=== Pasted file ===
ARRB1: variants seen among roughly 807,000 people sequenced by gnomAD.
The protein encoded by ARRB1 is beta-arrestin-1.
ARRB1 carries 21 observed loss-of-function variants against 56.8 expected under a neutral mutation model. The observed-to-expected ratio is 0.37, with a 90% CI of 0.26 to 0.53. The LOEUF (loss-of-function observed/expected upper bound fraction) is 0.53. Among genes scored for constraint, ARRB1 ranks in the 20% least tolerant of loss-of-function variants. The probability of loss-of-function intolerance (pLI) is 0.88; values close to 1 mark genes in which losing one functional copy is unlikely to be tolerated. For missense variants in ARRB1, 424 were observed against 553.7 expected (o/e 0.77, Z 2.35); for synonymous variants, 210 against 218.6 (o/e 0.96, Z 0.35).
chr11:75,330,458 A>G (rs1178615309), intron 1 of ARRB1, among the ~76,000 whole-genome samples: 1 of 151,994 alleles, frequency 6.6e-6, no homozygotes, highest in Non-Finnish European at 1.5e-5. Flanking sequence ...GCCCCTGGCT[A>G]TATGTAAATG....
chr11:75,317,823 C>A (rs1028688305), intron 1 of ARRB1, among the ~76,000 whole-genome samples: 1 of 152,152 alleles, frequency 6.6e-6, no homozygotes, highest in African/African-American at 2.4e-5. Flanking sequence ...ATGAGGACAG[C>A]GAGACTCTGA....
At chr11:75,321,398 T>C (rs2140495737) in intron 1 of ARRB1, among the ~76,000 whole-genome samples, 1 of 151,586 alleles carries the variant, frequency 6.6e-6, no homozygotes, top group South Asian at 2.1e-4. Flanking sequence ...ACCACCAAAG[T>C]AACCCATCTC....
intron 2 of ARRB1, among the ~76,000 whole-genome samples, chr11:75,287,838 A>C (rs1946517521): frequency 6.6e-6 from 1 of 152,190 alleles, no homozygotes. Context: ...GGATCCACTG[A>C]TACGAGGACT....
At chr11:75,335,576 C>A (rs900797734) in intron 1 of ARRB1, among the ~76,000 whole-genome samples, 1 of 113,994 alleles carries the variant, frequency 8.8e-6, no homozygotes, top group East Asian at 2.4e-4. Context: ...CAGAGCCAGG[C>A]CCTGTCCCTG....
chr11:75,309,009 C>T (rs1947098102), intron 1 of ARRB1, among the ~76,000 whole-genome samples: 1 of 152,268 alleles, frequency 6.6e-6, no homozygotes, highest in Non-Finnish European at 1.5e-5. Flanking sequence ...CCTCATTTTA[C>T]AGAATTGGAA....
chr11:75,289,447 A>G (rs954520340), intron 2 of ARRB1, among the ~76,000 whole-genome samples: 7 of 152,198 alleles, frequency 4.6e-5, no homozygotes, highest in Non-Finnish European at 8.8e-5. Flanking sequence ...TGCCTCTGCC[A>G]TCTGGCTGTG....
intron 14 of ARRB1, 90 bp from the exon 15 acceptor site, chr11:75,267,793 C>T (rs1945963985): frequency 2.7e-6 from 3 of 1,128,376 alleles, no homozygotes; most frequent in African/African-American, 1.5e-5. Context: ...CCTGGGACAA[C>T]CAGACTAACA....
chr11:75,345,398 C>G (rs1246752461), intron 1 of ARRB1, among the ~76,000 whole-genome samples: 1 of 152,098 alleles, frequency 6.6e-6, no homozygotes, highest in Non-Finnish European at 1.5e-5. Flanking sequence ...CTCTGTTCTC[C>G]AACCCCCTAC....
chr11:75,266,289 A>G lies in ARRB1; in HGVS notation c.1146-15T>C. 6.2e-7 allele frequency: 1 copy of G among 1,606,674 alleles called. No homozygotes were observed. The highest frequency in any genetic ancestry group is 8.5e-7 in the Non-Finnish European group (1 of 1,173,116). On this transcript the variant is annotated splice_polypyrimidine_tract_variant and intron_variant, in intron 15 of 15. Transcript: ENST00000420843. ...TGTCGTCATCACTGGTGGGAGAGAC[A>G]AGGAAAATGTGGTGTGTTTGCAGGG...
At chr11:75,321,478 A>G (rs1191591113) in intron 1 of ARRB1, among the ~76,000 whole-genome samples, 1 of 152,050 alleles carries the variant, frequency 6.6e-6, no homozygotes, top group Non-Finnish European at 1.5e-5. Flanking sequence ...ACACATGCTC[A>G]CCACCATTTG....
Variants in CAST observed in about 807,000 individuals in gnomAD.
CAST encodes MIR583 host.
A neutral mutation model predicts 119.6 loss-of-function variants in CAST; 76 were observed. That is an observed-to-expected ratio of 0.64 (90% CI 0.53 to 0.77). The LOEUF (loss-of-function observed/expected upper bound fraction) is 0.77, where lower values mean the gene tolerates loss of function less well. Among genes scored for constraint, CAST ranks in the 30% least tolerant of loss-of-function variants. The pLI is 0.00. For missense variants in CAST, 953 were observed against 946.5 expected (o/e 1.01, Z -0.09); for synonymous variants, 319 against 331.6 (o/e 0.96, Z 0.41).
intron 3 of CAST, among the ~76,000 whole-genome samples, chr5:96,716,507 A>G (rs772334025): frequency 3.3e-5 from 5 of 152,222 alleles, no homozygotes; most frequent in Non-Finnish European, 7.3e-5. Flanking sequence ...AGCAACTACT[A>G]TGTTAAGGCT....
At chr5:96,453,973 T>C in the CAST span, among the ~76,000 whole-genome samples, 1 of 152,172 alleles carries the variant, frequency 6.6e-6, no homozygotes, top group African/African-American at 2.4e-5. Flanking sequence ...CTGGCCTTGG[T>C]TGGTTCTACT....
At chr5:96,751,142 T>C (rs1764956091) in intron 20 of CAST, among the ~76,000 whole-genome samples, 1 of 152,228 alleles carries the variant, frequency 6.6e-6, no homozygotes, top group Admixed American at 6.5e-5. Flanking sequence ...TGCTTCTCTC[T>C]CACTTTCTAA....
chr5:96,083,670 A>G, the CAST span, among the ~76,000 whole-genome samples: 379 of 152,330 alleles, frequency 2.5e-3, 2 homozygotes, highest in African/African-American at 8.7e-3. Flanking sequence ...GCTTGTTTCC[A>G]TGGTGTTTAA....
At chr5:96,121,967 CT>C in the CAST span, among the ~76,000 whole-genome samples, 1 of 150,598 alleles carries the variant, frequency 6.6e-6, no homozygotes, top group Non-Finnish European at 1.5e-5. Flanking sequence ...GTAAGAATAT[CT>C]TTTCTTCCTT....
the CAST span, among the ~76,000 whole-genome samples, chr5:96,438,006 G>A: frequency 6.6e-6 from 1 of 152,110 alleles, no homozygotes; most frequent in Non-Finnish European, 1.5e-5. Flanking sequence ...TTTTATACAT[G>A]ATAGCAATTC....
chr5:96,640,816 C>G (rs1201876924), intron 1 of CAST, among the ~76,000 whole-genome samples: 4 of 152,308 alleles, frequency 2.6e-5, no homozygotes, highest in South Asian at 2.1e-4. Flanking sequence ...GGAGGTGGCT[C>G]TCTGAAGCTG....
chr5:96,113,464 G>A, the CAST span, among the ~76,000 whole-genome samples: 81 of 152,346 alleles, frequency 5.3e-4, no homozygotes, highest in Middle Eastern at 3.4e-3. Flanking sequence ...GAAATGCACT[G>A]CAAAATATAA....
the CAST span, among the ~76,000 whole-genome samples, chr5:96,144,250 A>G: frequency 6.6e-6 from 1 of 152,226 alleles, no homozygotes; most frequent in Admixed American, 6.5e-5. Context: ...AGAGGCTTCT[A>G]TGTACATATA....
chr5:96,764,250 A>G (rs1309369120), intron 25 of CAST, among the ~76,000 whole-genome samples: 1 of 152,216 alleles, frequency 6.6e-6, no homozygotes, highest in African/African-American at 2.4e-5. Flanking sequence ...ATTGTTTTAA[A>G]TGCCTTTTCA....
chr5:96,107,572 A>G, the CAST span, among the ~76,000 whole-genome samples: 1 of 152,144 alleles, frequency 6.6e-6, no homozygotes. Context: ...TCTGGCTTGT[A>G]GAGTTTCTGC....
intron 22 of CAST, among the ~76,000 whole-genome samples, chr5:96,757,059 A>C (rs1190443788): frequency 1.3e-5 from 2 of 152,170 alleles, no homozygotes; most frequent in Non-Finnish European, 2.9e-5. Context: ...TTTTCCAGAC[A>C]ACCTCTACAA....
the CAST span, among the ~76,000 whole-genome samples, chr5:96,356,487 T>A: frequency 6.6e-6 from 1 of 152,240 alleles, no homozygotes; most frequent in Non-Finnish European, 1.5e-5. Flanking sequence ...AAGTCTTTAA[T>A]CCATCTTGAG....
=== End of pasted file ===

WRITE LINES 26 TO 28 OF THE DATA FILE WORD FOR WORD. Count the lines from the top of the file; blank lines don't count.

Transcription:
the CAST span, among the ~76,000 whole-genome samples, chr5:96,144,250 A>G: frequency 6.6e-6 from 1 of 152,226 alleles, no homozygotes; most frequent in Admixed American, 6.5e-5. Context: ...AGAGGCTTCT[A>G]TGTACATATA....
chr5:96,764,250 A>G (rs1309369120), intron 25 of CAST, among the ~76,000 whole-genome samples: 1 of 152,216 alleles, frequency 6.6e-6, no homozygotes, highest in African/African-American at 2.4e-5. Flanking sequence ...ATTGTTTTAA[A>G]TGCCTTTTCA....
chr5:96,107,572 A>G, the CAST span, among the ~76,000 whole-genome samples: 1 of 152,144 alleles, frequency 6.6e-6, no homozygotes. Context: ...TCTGGCTTGT[A>G]GAGTTTCTGC....